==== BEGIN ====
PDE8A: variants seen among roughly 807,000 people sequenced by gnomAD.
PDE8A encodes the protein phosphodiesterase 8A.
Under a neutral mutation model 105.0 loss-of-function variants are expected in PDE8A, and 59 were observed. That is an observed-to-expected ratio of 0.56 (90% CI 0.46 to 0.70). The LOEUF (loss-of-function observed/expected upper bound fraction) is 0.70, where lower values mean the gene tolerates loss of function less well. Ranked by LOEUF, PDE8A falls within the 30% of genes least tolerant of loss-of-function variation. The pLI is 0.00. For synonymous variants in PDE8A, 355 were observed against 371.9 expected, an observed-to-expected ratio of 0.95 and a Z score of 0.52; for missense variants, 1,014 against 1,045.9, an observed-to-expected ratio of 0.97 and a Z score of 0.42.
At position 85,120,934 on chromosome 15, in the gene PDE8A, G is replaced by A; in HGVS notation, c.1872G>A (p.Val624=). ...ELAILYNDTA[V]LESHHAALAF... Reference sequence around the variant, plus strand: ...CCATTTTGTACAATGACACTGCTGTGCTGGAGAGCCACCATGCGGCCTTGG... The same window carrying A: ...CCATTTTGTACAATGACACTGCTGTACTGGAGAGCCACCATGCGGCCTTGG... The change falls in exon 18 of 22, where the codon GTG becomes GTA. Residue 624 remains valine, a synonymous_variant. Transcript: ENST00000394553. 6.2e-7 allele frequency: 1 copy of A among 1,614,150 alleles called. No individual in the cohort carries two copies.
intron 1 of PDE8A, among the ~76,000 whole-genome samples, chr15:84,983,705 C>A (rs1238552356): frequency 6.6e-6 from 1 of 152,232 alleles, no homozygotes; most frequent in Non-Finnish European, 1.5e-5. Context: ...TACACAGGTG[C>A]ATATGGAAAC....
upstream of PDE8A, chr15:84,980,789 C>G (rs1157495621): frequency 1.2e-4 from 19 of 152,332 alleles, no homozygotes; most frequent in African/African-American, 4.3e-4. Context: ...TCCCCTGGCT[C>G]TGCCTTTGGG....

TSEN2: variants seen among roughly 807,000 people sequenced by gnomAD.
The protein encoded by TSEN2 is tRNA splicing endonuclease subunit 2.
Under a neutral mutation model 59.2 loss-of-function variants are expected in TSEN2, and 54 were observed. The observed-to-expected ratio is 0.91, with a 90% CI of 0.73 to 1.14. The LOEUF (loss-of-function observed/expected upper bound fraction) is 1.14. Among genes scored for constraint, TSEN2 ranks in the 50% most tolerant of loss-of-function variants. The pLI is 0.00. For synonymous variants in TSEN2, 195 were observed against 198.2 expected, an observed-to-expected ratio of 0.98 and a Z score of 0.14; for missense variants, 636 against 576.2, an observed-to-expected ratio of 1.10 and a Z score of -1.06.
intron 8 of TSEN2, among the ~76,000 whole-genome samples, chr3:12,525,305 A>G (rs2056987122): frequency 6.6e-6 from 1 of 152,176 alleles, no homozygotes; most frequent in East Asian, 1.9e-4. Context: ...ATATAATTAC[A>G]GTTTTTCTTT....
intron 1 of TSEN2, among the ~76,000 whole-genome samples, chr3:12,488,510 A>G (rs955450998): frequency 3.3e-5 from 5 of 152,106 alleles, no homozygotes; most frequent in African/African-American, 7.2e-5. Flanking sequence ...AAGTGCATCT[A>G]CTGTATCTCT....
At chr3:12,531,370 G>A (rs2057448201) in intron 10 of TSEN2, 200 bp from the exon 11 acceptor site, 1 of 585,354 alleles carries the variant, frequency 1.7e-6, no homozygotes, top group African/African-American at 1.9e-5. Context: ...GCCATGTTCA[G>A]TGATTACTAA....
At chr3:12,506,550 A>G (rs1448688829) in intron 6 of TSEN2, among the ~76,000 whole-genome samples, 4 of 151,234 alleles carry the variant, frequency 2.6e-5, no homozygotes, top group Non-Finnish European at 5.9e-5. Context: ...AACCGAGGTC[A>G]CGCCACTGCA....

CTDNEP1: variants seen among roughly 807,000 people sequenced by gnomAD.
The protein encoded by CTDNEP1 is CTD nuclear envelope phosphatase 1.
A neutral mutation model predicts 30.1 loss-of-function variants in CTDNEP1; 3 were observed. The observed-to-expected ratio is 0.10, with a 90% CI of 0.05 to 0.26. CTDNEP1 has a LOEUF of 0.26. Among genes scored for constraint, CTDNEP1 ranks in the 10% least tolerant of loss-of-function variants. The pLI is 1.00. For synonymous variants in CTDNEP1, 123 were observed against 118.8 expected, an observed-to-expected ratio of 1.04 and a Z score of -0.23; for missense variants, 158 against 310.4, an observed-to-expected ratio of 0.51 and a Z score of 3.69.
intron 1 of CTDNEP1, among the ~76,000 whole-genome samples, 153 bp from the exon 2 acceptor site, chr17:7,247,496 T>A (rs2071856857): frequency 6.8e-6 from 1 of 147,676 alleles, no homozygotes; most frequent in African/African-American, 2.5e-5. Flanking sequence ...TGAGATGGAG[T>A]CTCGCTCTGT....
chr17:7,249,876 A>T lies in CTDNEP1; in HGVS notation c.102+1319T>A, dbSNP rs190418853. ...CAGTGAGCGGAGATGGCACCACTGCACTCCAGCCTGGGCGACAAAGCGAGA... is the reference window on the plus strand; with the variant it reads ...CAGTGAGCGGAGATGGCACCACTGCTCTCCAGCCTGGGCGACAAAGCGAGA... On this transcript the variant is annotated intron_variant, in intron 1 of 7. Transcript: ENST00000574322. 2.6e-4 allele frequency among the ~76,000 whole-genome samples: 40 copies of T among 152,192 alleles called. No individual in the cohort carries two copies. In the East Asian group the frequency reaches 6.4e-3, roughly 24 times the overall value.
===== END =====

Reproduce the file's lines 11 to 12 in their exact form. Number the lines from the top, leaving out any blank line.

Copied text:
intron 1 of TSEN2, among the ~76,000 whole-genome samples, chr3:12,488,510 A>G (rs955450998): frequency 3.3e-5 from 5 of 152,106 alleles, no homozygotes; most frequent in African/African-American, 7.2e-5. Flanking sequence ...AAGTGCATCT[A>G]CTGTATCTCT....
At chr3:12,531,370 G>A (rs2057448201) in intron 10 of TSEN2, 200 bp from the exon 11 acceptor site, 1 of 585,354 alleles carries the variant, frequency 1.7e-6, no homozygotes, top group African/African-American at 1.9e-5. Context: ...GCCATGTTCA[G>A]TGATTACTAA....